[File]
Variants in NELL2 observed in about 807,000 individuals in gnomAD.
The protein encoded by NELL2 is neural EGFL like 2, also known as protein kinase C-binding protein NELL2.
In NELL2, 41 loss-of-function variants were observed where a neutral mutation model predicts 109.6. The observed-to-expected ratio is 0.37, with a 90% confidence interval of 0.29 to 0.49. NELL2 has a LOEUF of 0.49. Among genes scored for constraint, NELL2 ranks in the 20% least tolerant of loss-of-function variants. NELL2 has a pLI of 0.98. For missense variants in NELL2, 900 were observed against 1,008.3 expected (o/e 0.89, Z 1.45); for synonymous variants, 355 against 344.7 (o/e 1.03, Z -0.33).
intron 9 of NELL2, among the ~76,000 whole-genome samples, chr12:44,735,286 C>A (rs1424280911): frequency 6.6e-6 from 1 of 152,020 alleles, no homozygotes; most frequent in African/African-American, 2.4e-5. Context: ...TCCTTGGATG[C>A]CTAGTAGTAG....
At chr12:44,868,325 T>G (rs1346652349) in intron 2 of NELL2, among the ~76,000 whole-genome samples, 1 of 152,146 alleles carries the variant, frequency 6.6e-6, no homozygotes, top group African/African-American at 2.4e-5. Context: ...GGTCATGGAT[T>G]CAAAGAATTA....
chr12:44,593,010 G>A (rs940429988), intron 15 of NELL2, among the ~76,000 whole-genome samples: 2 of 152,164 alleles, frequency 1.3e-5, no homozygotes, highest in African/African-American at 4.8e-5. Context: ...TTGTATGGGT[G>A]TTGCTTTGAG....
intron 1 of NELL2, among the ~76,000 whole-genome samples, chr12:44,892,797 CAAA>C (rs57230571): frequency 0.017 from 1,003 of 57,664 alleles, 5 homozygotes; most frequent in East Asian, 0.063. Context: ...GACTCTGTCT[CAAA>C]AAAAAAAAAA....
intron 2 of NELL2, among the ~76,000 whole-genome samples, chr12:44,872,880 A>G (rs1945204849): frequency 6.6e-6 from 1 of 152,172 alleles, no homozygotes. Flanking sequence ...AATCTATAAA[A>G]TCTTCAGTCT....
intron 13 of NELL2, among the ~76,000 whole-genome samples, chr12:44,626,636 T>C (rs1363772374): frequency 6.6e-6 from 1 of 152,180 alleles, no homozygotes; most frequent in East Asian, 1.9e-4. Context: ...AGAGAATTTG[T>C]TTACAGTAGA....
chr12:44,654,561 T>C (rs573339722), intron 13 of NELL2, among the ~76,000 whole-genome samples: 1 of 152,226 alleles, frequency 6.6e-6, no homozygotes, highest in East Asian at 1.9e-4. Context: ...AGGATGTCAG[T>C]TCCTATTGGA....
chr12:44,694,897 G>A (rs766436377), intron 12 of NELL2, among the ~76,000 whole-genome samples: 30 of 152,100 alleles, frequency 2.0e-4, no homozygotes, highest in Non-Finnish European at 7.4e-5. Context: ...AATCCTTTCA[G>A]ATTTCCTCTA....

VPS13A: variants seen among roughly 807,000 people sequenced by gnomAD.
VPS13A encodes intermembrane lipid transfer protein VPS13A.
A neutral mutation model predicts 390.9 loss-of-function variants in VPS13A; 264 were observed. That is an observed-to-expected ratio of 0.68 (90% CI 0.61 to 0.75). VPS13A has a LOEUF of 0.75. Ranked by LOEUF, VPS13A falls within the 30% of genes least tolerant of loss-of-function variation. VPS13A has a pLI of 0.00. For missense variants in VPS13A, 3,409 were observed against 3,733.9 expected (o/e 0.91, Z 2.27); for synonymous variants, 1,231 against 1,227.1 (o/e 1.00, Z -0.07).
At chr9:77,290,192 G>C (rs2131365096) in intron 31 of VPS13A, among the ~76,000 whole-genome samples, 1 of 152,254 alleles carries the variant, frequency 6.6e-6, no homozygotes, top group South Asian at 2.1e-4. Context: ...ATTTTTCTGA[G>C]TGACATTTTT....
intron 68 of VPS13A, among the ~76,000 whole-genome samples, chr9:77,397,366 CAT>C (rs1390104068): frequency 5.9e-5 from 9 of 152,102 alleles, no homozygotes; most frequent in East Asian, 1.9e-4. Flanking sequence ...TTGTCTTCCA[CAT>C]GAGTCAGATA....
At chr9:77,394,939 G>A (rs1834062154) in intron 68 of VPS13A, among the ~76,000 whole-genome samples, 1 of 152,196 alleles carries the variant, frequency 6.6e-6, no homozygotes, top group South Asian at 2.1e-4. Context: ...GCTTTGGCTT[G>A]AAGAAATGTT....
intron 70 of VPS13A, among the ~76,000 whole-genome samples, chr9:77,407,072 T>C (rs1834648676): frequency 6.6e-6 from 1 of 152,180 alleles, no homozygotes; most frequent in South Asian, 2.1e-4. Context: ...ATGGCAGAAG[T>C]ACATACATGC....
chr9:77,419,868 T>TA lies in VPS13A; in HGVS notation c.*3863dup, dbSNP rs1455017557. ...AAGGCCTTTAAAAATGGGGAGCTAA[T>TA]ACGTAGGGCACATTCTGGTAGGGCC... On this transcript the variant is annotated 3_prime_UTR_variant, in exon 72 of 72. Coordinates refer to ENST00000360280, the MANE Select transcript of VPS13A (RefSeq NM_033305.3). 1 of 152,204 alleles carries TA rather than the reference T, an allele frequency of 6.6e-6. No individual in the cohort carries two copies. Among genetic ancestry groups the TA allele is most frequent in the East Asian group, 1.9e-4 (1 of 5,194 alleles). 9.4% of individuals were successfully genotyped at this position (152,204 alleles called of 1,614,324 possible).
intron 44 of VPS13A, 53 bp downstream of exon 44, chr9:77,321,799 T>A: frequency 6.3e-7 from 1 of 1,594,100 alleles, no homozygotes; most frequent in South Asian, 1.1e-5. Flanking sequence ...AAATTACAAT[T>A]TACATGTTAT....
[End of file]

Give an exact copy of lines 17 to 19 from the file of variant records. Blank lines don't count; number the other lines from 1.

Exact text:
At chr9:77,394,939 G>A (rs1834062154) in intron 68 of VPS13A, among the ~76,000 whole-genome samples, 1 of 152,196 alleles carries the variant, frequency 6.6e-6, no homozygotes, top group South Asian at 2.1e-4. Context: ...GCTTTGGCTT[G>A]AAGAAATGTT....
intron 70 of VPS13A, among the ~76,000 whole-genome samples, chr9:77,407,072 T>C (rs1834648676): frequency 6.6e-6 from 1 of 152,180 alleles, no homozygotes; most frequent in South Asian, 2.1e-4. Context: ...ATGGCAGAAG[T>C]ACATACATGC....
chr9:77,419,868 T>TA lies in VPS13A; in HGVS notation c.*3863dup, dbSNP rs1455017557. ...AAGGCCTTTAAAAATGGGGAGCTAA[T>TA]ACGTAGGGCACATTCTGGTAGGGCC... On this transcript the variant is annotated 3_prime_UTR_variant, in exon 72 of 72. Coordinates refer to ENST00000360280, the MANE Select transcript of VPS13A (RefSeq NM_033305.3). 1 of 152,204 alleles carries TA rather than the reference T, an allele frequency of 6.6e-6. No individual in the cohort carries two copies. Among genetic ancestry groups the TA allele is most frequent in the East Asian group, 1.9e-4 (1 of 5,194 alleles). 9.4% of individuals were successfully genotyped at this position (152,204 alleles called of 1,614,324 possible).